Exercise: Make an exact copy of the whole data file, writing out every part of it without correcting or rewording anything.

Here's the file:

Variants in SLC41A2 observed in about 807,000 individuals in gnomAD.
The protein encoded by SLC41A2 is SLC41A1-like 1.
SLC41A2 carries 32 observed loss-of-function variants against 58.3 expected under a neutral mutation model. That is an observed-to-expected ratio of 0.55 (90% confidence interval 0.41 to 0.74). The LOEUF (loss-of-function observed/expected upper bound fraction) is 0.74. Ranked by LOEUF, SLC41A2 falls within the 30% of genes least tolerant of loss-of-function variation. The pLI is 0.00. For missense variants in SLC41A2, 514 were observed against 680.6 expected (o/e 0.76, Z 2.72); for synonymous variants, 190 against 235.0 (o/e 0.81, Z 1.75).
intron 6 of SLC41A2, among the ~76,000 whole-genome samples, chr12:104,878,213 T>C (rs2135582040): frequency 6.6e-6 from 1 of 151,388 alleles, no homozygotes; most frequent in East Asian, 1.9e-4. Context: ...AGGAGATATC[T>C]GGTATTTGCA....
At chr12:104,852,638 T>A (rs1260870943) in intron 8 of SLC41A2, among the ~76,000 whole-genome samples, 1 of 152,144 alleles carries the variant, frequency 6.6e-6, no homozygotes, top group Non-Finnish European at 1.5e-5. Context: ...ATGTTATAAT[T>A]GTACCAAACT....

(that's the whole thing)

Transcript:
Variants in SLC41A2 observed in about 807,000 individuals in gnomAD.
The protein encoded by SLC41A2 is SLC41A1-like 1.
SLC41A2 carries 32 observed loss-of-function variants against 58.3 expected under a neutral mutation model. That is an observed-to-expected ratio of 0.55 (90% confidence interval 0.41 to 0.74). The LOEUF (loss-of-function observed/expected upper bound fraction) is 0.74. Ranked by LOEUF, SLC41A2 falls within the 30% of genes least tolerant of loss-of-function variation. The pLI is 0.00. For missense variants in SLC41A2, 514 were observed against 680.6 expected (o/e 0.76, Z 2.72); for synonymous variants, 190 against 235.0 (o/e 0.81, Z 1.75).
intron 6 of SLC41A2, among the ~76,000 whole-genome samples, chr12:104,878,213 T>C (rs2135582040): frequency 6.6e-6 from 1 of 151,388 alleles, no homozygotes; most frequent in East Asian, 1.9e-4. Context: ...AGGAGATATC[T>C]GGTATTTGCA....
At chr12:104,852,638 T>A (rs1260870943) in intron 8 of SLC41A2, among the ~76,000 whole-genome samples, 1 of 152,144 alleles carries the variant, frequency 6.6e-6, no homozygotes, top group Non-Finnish European at 1.5e-5. Context: ...ATGTTATAAT[T>A]GTACCAAACT....